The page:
(a) To encourage and motivate its members to save,
(b) To persuade them to make a collective plan for generation of additional income, and
(c) To act as a conduit for formal banking services to reach them. Such groups work as a collective guarantee system for members who propose to borrow from organized sources.

Significance of SHG
SHGs play an important role in differentiating between consumer credit and production credit, analyzing the credit system for its implication and changes in economy, culture and social position of the target groups, providing easy access to credit and facilitating group activities for effective control, ensuring repayments and continuity through group dynamics; setting visible norms for interest rates, repayment schedules, gestation period, extension, writing of bad debts and assisting group members in getting access to the formal credit institutions.
Thus SHGs disburse micro-credit to the rural women for the purpose of making them enterprising women and encouraging them to enter in to entrepreneurial activities. In India SHGs are small and economically homogenous affinity groups or rural poor who voluntarily come together for achieving common goals such as:
(a) To save small amount of money regularly.
(b) To mutually agree to contribute to a common fund.
(c)To meet their emergency needs.

The story of SHGs begins when NABARD was also not in the field. MYRADA, a leading NGO, based in Karnataka, engaged in rural development promoted various cooperative societies that were capable in giving loans to their members. Later, the large cooperatives broke into small groups, giving birth to first SHG named Credit Management Groups (CMGs), which focused in management of credit. Members started saving a small amount and soon it was followed by the establishment as a system including book keeping and records, regular meetings, and collective decision-making. After a few years NABARD conducted a pilot study and gained confidence to launch SBLP as a normal lending activity, quoted in Karnataka HDR (2005). After the launch of SBLP, the very first loans to SHGs in the country were given in Kolar district of Karnataka by the Vysya Bank, Bangarpet branch to Venkateshwara Mahila Sangha of Muduguli on December 9, 1991 and by the Corporation Bank, Andersonpet Branch to Saraswathi Mahila Sangha of Boduguriki on January 30, 1992.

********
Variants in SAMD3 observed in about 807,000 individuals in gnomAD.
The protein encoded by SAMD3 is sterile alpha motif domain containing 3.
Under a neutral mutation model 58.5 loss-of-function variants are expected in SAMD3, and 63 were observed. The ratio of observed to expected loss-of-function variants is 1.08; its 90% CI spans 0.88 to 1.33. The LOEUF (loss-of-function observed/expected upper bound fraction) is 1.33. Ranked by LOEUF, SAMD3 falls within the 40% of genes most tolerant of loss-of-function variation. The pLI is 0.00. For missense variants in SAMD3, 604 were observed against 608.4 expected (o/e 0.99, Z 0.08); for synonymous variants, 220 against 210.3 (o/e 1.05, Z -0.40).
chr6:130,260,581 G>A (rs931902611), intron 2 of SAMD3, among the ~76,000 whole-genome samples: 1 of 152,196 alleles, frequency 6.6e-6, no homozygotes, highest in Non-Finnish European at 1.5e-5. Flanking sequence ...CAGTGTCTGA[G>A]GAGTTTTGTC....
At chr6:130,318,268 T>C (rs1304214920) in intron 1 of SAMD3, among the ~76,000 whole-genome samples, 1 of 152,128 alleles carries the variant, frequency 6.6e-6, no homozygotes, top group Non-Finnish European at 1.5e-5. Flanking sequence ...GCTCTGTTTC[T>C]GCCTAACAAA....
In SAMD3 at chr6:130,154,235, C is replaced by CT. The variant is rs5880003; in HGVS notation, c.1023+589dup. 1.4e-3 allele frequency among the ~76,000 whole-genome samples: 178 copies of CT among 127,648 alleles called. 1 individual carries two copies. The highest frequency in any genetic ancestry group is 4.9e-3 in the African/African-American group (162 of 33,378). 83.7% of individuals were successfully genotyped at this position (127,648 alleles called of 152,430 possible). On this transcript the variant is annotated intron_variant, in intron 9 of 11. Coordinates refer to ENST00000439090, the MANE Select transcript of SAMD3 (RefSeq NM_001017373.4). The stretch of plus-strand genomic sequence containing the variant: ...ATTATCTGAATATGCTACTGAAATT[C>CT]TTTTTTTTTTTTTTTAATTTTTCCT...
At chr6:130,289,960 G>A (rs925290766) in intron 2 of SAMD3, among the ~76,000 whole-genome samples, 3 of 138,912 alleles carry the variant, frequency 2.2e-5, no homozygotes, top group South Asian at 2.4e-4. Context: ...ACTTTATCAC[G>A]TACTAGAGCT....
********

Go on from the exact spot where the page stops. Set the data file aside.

District Name No. of GPs No. SHG Groups Entered No. of Member Details Entered No. of Unemployed Member Details Entered No. of Aged/Disabled Member Details Entered No. of SHG Groups with Complete details No. of SHG Groups with Incomplete details No. of SHG Groups Confirmed
BAGALKOTE198 7464 95991 7140 7188 7355 109 6532